Variables and Constants

Declaring Variables

Local variables are declared using the var keyword. Global variables, which can not be used in strict mode, are declared by omitting the keyword var. Variables should always be initialized when they are declared.

Variables are loosely typed so can hold any value.  For example we can change the type of value stored in a single variable.

var message = “hi”; // message holds the string “hi” 
message = 100;      // now message holds the integer 100

Multiple variables can be defined in a single statement.  This practice, however, is discouraged because it results in hard to read and debug code.

var message = “Hi”, found = false, age = 20;   // not preferred

var message = "Hi";       // preferred
var found = false;
var age = 20;

A block of code is define by curly braces { }.  A variable defined with var has script-scope if it is defined outside a function and has function-scope if it is defined inside a function.  That is a variable declared with var outside a function (even within a block) is in scope anywhere in the script.  And a variable defined with var inside a function (even within a block) is in scope anywhere in the function.  This behavior is called hoisting.  A variable that is referenced before it is declared will have a value of undefined.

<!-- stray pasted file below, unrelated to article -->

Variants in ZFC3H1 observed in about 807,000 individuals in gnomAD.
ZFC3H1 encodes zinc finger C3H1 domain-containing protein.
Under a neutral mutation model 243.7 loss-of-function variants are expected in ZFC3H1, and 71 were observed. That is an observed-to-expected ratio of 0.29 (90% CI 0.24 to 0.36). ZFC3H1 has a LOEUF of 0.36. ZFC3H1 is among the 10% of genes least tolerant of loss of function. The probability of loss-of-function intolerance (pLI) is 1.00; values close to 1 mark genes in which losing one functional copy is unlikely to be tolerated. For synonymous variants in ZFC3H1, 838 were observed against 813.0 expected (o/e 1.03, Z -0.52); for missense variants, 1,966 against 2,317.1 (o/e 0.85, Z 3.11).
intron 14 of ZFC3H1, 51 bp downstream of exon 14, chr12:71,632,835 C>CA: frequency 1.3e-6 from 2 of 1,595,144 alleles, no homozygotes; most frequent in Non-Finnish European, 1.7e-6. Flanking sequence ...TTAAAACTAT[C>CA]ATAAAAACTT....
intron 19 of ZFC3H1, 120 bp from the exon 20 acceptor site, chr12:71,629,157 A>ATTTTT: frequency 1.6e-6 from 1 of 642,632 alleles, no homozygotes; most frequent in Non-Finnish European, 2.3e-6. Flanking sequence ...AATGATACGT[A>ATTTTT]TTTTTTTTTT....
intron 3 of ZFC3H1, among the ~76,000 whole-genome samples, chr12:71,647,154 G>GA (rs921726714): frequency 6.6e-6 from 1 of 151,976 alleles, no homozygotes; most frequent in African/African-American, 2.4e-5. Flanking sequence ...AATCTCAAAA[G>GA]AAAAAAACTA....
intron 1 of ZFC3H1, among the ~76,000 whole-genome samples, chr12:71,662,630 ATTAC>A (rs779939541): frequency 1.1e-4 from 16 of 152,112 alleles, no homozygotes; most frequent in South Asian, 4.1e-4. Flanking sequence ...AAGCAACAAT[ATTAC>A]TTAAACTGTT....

console.log(i);       // prints undefined
if (true) {
    var i = 10;
console.log(i);       // prints 10

If, however, you attempt to use a variable that is not declared within a scope, a ReferenceError will occur.

console.log(x);   // ReferenceError: x is not defined

Variables Declared With let

Variables can also be declared with the let keyword.  A variable declared with let is in scope only within the block in which it is defined.  Using the example above, if we declare the variable i with let, it is an error to use it outside the if block.

console.log(i);   // ReferenceError: i is not defined
if (true) { 
    let i = 10; 
console.log(i);   // ReferenceError: i is not defined


A constant can be declared using the const keyword.  Constants are immutable.  As such it is an error to attempt to change their value after they have been initialized.  Constants have the same scope as variables declared with let.

const x = 10;
x = 5;            // TypeError: Assignment to constant variable.

© 2018, Eric. All rights reserved.